I spent nearly 15 years of my career at L.L. Bean, and consider myself fortunate to have worked a good chunk of my career at such a terrific organization. I began to reminisce on a recent visit to its Freeport, Me., campus, and decided to pen the top lessons I learned during my days as a “Beaner.”
The company has many stakeholder groups, from employees to vendors, but the customer comes first. Leon Leonwood Bean’s customer service philosophy begins, “A customer is the most important person ever in this company – in person or by mail.”
Stand behind your products
L.L.’s guarantee, established in 1912, remains the gold standard today. Few companies support their products or services so strongly. Customers notice.
Do the right thing
I can’t count the number of times I heard a leader say “We’re doing this because it’s the right thing to do. Integrity was part of the Bean way well before it became vogue. And when leaders model the behavior, employees notice. Soon it becomes part of the culture.
Offer quality and value
You can buy lesser quality merchandise for the lowest price — and that works for many people. While L.L. Bean products may cost more than others, customers know they’ll last longer. L.L.’s Golden Rule: “Sell good merchandise at a reasonable profit, treat your customers like human beings and they will always come back for more.”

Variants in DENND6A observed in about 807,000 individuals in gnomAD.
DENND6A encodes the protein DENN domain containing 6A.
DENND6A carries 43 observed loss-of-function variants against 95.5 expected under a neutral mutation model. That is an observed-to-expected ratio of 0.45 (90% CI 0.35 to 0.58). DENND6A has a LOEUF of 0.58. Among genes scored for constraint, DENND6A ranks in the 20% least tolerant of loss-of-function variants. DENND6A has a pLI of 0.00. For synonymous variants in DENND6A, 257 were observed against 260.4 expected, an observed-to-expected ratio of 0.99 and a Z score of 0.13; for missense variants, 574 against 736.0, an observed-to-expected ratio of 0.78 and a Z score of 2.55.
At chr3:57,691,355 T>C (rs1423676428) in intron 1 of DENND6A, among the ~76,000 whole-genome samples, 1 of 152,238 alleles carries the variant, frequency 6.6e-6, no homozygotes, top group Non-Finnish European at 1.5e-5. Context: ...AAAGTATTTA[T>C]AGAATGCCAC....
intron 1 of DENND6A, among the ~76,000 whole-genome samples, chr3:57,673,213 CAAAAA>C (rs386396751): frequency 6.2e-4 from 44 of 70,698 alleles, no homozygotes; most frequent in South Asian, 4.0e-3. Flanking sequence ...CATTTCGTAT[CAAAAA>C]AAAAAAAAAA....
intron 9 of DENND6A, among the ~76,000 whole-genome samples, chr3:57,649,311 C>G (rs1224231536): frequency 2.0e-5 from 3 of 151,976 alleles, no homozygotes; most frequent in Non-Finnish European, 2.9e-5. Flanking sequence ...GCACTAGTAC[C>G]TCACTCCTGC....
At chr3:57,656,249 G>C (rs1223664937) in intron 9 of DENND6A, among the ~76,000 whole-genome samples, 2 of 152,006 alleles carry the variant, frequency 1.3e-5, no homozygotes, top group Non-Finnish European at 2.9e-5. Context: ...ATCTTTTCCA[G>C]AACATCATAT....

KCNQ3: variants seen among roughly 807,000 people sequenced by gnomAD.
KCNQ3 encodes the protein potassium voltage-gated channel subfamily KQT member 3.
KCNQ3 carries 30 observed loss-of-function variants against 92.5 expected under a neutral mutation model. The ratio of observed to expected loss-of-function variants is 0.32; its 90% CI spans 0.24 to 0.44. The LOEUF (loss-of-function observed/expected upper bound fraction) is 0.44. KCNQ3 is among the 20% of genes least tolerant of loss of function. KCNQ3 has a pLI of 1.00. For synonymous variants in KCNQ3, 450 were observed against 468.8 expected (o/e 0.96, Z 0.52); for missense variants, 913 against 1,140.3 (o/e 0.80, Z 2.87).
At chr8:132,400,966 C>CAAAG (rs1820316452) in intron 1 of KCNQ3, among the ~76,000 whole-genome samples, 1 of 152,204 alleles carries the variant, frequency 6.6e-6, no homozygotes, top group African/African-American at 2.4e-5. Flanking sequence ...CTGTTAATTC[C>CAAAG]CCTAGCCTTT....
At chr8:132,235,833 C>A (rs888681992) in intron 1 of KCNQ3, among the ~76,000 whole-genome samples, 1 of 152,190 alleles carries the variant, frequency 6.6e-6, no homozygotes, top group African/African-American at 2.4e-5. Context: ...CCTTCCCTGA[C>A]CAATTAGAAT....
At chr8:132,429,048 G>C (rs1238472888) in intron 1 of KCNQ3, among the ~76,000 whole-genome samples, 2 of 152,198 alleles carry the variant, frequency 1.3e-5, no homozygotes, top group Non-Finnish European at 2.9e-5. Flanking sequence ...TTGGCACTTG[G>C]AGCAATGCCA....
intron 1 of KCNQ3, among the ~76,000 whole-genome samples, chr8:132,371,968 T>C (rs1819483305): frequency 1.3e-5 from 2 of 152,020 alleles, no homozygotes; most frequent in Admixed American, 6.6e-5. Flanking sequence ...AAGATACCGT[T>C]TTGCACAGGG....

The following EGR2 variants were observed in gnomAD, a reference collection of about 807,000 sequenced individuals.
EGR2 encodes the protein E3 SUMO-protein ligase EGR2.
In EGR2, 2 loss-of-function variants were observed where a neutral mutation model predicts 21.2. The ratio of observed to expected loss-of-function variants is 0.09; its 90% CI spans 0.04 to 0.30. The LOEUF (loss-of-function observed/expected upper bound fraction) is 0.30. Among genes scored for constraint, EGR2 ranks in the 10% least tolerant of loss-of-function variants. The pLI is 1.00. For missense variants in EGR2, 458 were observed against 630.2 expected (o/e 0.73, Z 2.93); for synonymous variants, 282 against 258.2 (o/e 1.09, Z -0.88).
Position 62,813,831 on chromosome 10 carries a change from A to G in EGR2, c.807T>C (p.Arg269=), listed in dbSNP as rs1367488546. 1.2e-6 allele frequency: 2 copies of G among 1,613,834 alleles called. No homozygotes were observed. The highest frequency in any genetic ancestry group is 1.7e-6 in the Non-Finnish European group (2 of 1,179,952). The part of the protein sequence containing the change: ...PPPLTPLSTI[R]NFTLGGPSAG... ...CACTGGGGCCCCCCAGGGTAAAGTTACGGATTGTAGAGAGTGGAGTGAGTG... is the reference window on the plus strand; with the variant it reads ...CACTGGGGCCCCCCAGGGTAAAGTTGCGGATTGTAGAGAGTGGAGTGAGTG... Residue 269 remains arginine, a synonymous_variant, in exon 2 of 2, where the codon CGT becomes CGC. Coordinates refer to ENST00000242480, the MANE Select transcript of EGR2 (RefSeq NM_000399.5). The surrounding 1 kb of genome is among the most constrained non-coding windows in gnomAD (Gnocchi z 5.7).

Despite its long history of success, the company culture remained humble. Boasting was frowned upon, and success was shared. Good work was recognized by others, and teamwork was a way of doing business.
Embrace change, but be thoughtful about it
The company was very thoughtful about course changes, whether that meant a new product line or store expansion. Leaders understood the importance of prioritization and tackling the most important items first.
Everyone chips in
During a long-ago visit to the Flagship Store, I spotted the store’s director on the floor, sorting hats into the correct size bin. A busy customer day had left the display a bit messy, and he wanted it right.
Treat employees well
Happy employees tend to be better employees. It seems obvious, but I think a lot of companies miss this one. As an employee, I enjoyed good benefits and a generous discount. Plus, treating people well is the right thing to do (see number 3).
Be a good neighbor
Bean gives back to its community in many ways, ranging from free summer concerts and fireworks on Independence Day, to a Road Race and countless sponsorship, particularly when it comes to the environment.